Backstab – A Tool To Kill Antimalware Protected Processes

Have these local admin credentials but the EDR is standing in the way? Unhooking or direct syscalls are not working against the EDR? Well, why not just kill it? Backstab is a tool capable of killing antimalware protected processes by leveraging sysinternals’ Process Explorer (ProcExp) driver, which is signed by Microsoft.

What can it do?

Usage: backstab.exe <-n name || -p PID> [options]  
-n, Choose process by name, including the .exe suffix
-p, Choose process by PID
-l, List handles of protected process
-k, Kill the protected process by closing its handles
-x, Close a specific handle
-d, Specify path to where ProcExp will be extracted
-s, Specify service name registry key
-u, Unload ProcExp driver
-a, adds SeDebugPrivilege
-h, Print this menu

Examples:
backstab.exe -n cyserver.exe -k [kill cyserver]
backstab.exe -n cyserver.exe -x E4C [Close handle E4C of cyserver]
backstab.exe -n cyserver.exe -l [list all handles of cyserver]
backstab.exe -p 4326 -k -d c:\driver.sys [kill protected process with PID 4326, extract ProcExp driver to C: drive]

How is that possible?

ProcExp has a signed kernel driver that it loads on startup, which allows it to kill handles that cannot be killed even as an administrator. When you use the UI, you cannot kill a protected process, but you can kill it handles because ProcExp UI instructs the kernel driver to kill those handles. Backstab does the same thing but without the UI element.

OpSec

Here is a quick rundown of what happens

  1. Embedded driver is dropped to disk
  2. Registry key under HKEY_LOCAL_MACHINESYSTEMCurrentControlSetServices is created
  3. The privilege SE_PRIVILEGE_ENABLED is acquired because it is necessary to load the driver
  4. Driver is loaded using NtLoadDriver to avoid creating a service
  5. The created Registry key is deleted (service not visible during execution)
  6. Communication with the driver is via using DeviceIoControl
  7. For handle enumeration, NtQuerySystemInformation is called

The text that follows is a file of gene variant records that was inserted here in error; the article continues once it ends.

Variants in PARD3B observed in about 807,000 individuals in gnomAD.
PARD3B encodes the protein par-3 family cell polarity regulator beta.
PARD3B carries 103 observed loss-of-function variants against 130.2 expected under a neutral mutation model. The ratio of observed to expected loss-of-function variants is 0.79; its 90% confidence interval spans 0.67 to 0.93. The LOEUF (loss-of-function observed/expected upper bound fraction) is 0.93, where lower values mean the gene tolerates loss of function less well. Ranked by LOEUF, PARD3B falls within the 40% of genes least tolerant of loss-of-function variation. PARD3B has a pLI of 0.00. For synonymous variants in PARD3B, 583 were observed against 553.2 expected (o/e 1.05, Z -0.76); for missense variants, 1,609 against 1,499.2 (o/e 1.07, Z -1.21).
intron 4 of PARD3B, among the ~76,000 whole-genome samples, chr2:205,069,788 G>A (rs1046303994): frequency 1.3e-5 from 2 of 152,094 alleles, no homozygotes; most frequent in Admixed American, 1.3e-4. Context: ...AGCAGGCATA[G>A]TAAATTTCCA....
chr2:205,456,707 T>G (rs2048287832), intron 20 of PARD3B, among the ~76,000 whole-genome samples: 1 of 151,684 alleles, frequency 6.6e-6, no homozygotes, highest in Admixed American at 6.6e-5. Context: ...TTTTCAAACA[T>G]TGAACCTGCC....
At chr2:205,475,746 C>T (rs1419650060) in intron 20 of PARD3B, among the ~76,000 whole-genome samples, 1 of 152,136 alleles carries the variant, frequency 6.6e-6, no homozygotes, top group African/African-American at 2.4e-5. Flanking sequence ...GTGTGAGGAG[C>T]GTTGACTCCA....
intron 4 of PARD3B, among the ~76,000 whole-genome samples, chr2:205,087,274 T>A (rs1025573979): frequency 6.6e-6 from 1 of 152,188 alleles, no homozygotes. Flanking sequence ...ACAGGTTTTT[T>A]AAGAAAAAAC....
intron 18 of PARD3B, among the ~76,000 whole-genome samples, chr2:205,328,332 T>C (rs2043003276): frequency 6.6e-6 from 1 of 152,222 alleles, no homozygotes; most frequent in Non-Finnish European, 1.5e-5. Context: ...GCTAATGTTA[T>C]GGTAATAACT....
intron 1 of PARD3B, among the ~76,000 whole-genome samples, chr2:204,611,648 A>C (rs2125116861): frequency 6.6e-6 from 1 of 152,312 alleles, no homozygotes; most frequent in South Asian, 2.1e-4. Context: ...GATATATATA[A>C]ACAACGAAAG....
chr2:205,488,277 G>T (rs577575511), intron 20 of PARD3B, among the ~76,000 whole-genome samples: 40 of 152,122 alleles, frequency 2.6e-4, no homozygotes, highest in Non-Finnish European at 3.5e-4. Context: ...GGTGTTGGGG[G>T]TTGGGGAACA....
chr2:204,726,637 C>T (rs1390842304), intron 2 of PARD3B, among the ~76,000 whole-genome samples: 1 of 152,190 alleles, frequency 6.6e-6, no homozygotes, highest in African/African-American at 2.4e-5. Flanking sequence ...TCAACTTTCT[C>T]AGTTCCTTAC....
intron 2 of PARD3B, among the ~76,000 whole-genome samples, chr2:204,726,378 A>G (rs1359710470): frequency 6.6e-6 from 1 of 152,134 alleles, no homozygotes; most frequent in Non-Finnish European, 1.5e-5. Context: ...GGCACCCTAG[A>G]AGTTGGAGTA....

What you should also know

  1. The behavior of the tool mimics that of ProcExp. ProcExp drops the driver to the disk, create registry key under HKEY_LOCAL_MACHINESYSTEMCurrentControlSetServices, calls NtLoadDriver, and then delete the registry key
  2. You can specify the location to which the driver is dropped and the service name
  3. When done, the app will unload the driver. The driver is unloaded by first re-creating the registry keys and then calling NtUnloadDriver
  4. The loaded driver is signed by MS
  5. The process does not attempt to directly kill protected processes handles, it instructs ProcExp driver to kill them. You won’t be accused of attempting to tamper with any processes

Further Research

While the tool purpose is listing and killing handles, the opportunities are vast. It is possible to duplicate the handles to your own process instead of killing them. This could allow for deeper tampering where you write to files, fire events, hold mutexes. To support further research, I tried to make the code readable and split it to many methods to facilitate reuse, I also left a description on all ProcExp related methods. Feel free to reach out to me on Twitter or by Email

Credits

  • Author: Yasser Alhazmi (@Yas_o_h)
  • Pavel Yosifovich: (@Zodiacon) mentioned to us during his awesome Windows Internals Course that kernel drivers like ProcExp might cause too much unintended damage
  • Cornelis de Plaa @Cn33liz and Outflank Team @OutflankNL: for Ps-Tools and their outstanding Github repos, always informative
  • Mark Russinovich: for ProcExp, and all Sysinternals tools!

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